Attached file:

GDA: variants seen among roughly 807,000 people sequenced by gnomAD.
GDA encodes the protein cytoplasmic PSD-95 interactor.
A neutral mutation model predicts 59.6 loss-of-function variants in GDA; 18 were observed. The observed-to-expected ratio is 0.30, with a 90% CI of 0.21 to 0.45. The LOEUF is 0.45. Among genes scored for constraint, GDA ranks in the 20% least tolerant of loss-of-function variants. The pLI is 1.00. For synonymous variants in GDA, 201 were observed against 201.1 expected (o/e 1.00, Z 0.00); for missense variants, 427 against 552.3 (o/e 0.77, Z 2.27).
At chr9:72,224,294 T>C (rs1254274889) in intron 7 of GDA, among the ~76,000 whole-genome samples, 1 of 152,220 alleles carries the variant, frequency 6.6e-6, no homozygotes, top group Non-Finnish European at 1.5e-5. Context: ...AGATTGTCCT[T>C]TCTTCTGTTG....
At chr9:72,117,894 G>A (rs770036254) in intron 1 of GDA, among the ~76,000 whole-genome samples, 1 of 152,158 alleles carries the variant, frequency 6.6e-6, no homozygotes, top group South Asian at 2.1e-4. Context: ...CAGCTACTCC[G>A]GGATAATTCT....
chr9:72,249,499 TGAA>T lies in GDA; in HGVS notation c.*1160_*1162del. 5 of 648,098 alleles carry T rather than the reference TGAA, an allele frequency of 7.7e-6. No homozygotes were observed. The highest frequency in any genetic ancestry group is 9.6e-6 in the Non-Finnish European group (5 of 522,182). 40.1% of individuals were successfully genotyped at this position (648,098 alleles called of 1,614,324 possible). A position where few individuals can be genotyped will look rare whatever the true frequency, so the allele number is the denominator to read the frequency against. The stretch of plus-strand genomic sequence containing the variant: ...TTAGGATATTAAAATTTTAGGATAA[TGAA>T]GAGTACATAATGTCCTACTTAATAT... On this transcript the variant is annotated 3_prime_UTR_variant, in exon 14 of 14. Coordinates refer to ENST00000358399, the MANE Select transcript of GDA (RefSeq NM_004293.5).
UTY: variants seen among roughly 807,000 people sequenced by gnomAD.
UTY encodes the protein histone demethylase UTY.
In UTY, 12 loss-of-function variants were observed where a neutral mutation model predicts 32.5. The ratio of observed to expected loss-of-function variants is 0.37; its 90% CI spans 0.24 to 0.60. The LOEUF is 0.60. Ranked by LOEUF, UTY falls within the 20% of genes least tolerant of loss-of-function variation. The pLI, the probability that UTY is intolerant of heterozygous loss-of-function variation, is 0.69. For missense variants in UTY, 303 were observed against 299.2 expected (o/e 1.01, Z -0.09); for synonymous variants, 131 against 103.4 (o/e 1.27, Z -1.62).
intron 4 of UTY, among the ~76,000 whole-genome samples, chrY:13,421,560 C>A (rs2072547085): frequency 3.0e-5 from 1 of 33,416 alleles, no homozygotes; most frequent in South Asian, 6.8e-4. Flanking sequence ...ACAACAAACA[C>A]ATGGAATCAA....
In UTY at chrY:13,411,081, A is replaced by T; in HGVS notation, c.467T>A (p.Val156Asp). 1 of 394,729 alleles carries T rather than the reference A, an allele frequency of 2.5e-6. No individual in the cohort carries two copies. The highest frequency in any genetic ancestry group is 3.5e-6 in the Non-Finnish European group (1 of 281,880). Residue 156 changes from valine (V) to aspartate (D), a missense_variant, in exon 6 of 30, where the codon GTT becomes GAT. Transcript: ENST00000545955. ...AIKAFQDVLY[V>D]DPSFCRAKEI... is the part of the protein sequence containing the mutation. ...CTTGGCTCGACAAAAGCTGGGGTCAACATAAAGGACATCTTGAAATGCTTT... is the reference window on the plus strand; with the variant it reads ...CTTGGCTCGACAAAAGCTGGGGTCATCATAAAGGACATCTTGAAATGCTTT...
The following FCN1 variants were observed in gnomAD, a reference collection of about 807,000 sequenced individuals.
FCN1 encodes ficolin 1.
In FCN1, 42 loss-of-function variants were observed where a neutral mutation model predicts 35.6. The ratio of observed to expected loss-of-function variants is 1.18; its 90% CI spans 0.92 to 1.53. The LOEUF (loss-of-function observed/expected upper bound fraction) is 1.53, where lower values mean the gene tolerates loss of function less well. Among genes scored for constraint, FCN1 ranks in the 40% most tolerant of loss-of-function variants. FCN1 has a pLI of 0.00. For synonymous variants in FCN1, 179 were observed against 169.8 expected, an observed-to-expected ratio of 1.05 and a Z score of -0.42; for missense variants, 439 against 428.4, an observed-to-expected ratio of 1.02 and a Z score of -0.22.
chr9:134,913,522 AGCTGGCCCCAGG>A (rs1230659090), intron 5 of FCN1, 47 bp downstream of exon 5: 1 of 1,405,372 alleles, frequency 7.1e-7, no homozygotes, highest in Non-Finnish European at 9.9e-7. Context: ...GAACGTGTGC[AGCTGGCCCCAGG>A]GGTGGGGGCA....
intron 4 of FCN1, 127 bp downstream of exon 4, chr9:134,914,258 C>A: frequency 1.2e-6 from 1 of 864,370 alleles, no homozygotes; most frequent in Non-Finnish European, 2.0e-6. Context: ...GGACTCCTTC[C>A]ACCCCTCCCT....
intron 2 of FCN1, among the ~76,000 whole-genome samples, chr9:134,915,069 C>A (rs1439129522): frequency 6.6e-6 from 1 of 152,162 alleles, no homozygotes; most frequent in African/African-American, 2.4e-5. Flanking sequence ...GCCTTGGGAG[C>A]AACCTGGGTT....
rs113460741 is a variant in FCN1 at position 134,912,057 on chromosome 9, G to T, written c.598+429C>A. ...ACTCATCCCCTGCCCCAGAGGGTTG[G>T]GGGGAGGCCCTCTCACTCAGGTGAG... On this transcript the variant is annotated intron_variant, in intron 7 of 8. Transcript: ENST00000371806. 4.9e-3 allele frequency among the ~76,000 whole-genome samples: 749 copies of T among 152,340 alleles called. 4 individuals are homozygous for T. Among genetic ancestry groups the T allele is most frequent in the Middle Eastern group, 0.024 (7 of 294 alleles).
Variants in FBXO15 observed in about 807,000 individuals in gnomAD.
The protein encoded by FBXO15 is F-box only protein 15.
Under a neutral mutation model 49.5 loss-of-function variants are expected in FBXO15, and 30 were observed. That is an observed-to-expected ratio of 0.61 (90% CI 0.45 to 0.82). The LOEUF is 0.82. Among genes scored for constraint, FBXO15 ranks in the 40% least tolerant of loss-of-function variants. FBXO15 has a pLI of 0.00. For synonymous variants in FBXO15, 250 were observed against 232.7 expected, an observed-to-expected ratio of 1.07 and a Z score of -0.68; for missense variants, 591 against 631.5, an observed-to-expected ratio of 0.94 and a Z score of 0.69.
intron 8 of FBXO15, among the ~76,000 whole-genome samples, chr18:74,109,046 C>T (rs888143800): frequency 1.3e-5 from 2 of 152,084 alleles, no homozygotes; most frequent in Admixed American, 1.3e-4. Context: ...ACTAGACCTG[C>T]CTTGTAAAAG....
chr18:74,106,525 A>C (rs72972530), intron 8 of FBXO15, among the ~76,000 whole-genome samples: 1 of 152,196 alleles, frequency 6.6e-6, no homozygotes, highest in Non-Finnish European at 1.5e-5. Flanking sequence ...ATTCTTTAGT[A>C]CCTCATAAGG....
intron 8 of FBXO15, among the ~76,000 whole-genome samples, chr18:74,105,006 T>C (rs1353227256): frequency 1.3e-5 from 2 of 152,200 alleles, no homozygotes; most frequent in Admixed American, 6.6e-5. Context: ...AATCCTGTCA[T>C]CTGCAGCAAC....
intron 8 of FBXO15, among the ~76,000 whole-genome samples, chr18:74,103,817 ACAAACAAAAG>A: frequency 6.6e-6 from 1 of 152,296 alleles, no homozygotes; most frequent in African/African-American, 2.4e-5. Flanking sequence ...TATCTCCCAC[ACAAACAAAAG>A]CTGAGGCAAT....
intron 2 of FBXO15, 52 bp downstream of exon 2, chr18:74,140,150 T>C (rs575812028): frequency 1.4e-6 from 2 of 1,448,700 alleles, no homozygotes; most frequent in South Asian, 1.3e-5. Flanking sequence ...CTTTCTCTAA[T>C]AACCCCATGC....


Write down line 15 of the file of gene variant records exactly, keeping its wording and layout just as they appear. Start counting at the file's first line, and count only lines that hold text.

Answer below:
chr9:134,913,522 AGCTGGCCCCAGG>A (rs1230659090), intron 5 of FCN1, 47 bp downstream of exon 5: 1 of 1,405,372 alleles, frequency 7.1e-7, no homozygotes, highest in Non-Finnish European at 9.9e-7. Context: ...GAACGTGTGC[AGCTGGCCCCAGG>A]GGTGGGGGCA....